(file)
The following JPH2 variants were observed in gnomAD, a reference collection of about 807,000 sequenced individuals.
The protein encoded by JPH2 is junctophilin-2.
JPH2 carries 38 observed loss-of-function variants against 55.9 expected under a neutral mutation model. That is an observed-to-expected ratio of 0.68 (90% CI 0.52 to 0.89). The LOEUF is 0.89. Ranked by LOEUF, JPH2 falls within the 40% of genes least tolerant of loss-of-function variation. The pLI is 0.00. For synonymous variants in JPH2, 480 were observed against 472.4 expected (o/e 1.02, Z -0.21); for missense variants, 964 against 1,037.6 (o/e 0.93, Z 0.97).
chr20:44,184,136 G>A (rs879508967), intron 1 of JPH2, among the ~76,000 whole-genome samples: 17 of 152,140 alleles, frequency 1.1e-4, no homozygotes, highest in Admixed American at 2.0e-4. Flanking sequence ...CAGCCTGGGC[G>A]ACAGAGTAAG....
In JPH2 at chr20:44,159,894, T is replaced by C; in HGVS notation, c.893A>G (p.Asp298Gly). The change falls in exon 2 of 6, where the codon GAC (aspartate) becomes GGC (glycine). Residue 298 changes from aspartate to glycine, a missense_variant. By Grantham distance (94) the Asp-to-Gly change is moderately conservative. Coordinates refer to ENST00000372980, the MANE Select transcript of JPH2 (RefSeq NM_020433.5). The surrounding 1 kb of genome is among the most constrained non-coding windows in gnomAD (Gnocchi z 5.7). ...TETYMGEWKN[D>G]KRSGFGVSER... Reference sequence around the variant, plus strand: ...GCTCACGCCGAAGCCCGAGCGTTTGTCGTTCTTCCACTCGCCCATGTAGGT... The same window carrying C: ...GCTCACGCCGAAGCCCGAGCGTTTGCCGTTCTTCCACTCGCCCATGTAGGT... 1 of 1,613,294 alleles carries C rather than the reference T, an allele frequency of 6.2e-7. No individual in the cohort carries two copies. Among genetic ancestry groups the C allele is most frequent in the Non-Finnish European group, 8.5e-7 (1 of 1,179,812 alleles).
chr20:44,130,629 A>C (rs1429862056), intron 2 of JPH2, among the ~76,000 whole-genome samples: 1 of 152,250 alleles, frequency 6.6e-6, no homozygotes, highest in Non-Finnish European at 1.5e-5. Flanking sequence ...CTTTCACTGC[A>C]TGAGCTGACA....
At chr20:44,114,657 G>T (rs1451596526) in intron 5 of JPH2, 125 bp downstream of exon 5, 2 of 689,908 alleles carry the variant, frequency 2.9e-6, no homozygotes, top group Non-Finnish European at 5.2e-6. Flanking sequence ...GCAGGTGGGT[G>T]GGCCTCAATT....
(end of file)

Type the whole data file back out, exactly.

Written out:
The following JPH2 variants were observed in gnomAD, a reference collection of about 807,000 sequenced individuals.
The protein encoded by JPH2 is junctophilin-2.
JPH2 carries 38 observed loss-of-function variants against 55.9 expected under a neutral mutation model. That is an observed-to-expected ratio of 0.68 (90% CI 0.52 to 0.89). The LOEUF is 0.89. Ranked by LOEUF, JPH2 falls within the 40% of genes least tolerant of loss-of-function variation. The pLI is 0.00. For synonymous variants in JPH2, 480 were observed against 472.4 expected (o/e 1.02, Z -0.21); for missense variants, 964 against 1,037.6 (o/e 0.93, Z 0.97).
chr20:44,184,136 G>A (rs879508967), intron 1 of JPH2, among the ~76,000 whole-genome samples: 17 of 152,140 alleles, frequency 1.1e-4, no homozygotes, highest in Admixed American at 2.0e-4. Flanking sequence ...CAGCCTGGGC[G>A]ACAGAGTAAG....
In JPH2 at chr20:44,159,894, T is replaced by C; in HGVS notation, c.893A>G (p.Asp298Gly). The change falls in exon 2 of 6, where the codon GAC (aspartate) becomes GGC (glycine). Residue 298 changes from aspartate to glycine, a missense_variant. By Grantham distance (94) the Asp-to-Gly change is moderately conservative. Coordinates refer to ENST00000372980, the MANE Select transcript of JPH2 (RefSeq NM_020433.5). The surrounding 1 kb of genome is among the most constrained non-coding windows in gnomAD (Gnocchi z 5.7). ...TETYMGEWKN[D>G]KRSGFGVSER... Reference sequence around the variant, plus strand: ...GCTCACGCCGAAGCCCGAGCGTTTGTCGTTCTTCCACTCGCCCATGTAGGT... The same window carrying C: ...GCTCACGCCGAAGCCCGAGCGTTTGCCGTTCTTCCACTCGCCCATGTAGGT... 1 of 1,613,294 alleles carries C rather than the reference T, an allele frequency of 6.2e-7. No individual in the cohort carries two copies. Among genetic ancestry groups the C allele is most frequent in the Non-Finnish European group, 8.5e-7 (1 of 1,179,812 alleles).
chr20:44,130,629 A>C (rs1429862056), intron 2 of JPH2, among the ~76,000 whole-genome samples: 1 of 152,250 alleles, frequency 6.6e-6, no homozygotes, highest in Non-Finnish European at 1.5e-5. Flanking sequence ...CTTTCACTGC[A>C]TGAGCTGACA....
At chr20:44,114,657 G>T (rs1451596526) in intron 5 of JPH2, 125 bp downstream of exon 5, 2 of 689,908 alleles carry the variant, frequency 2.9e-6, no homozygotes, top group Non-Finnish European at 5.2e-6. Flanking sequence ...GCAGGTGGGT[G>T]GGCCTCAATT....